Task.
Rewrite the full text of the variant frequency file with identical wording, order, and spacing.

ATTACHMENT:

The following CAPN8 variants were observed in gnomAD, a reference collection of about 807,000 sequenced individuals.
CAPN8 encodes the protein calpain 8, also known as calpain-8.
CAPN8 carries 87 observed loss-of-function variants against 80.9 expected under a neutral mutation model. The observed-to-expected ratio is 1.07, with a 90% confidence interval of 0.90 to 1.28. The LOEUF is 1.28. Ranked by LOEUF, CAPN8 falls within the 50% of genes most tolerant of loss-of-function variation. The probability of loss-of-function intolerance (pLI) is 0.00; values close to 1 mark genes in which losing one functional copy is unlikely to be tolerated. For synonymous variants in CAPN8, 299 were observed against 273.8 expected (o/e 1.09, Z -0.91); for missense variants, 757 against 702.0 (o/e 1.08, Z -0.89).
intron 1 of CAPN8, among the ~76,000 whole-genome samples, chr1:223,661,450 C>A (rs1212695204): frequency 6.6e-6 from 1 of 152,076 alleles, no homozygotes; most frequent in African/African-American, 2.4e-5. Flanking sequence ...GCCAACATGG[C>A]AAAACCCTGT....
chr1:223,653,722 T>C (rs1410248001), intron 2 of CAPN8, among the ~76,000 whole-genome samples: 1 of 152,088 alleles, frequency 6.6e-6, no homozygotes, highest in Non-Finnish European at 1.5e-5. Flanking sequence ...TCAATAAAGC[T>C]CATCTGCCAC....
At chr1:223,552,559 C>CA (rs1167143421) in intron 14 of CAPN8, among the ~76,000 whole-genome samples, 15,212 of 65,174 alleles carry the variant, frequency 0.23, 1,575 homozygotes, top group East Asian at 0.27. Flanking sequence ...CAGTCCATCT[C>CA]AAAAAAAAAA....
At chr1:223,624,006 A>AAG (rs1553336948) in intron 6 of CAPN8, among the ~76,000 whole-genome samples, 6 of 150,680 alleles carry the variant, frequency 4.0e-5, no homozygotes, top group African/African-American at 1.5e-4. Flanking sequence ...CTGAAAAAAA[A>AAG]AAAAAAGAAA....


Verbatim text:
The following CAPN8 variants were observed in gnomAD, a reference collection of about 807,000 sequenced individuals.
CAPN8 encodes the protein calpain 8, also known as calpain-8.
CAPN8 carries 87 observed loss-of-function variants against 80.9 expected under a neutral mutation model. The observed-to-expected ratio is 1.07, with a 90% confidence interval of 0.90 to 1.28. The LOEUF is 1.28. Ranked by LOEUF, CAPN8 falls within the 50% of genes most tolerant of loss-of-function variation. The probability of loss-of-function intolerance (pLI) is 0.00; values close to 1 mark genes in which losing one functional copy is unlikely to be tolerated. For synonymous variants in CAPN8, 299 were observed against 273.8 expected (o/e 1.09, Z -0.91); for missense variants, 757 against 702.0 (o/e 1.08, Z -0.89).
intron 1 of CAPN8, among the ~76,000 whole-genome samples, chr1:223,661,450 C>A (rs1212695204): frequency 6.6e-6 from 1 of 152,076 alleles, no homozygotes; most frequent in African/African-American, 2.4e-5. Flanking sequence ...GCCAACATGG[C>A]AAAACCCTGT....
chr1:223,653,722 T>C (rs1410248001), intron 2 of CAPN8, among the ~76,000 whole-genome samples: 1 of 152,088 alleles, frequency 6.6e-6, no homozygotes, highest in Non-Finnish European at 1.5e-5. Flanking sequence ...TCAATAAAGC[T>C]CATCTGCCAC....
At chr1:223,552,559 C>CA (rs1167143421) in intron 14 of CAPN8, among the ~76,000 whole-genome samples, 15,212 of 65,174 alleles carry the variant, frequency 0.23, 1,575 homozygotes, top group East Asian at 0.27. Flanking sequence ...CAGTCCATCT[C>CA]AAAAAAAAAA....
At chr1:223,624,006 A>AAG (rs1553336948) in intron 6 of CAPN8, among the ~76,000 whole-genome samples, 6 of 150,680 alleles carry the variant, frequency 4.0e-5, no homozygotes, top group African/African-American at 1.5e-4. Flanking sequence ...CTGAAAAAAA[A>AAG]AAAAAAGAAA....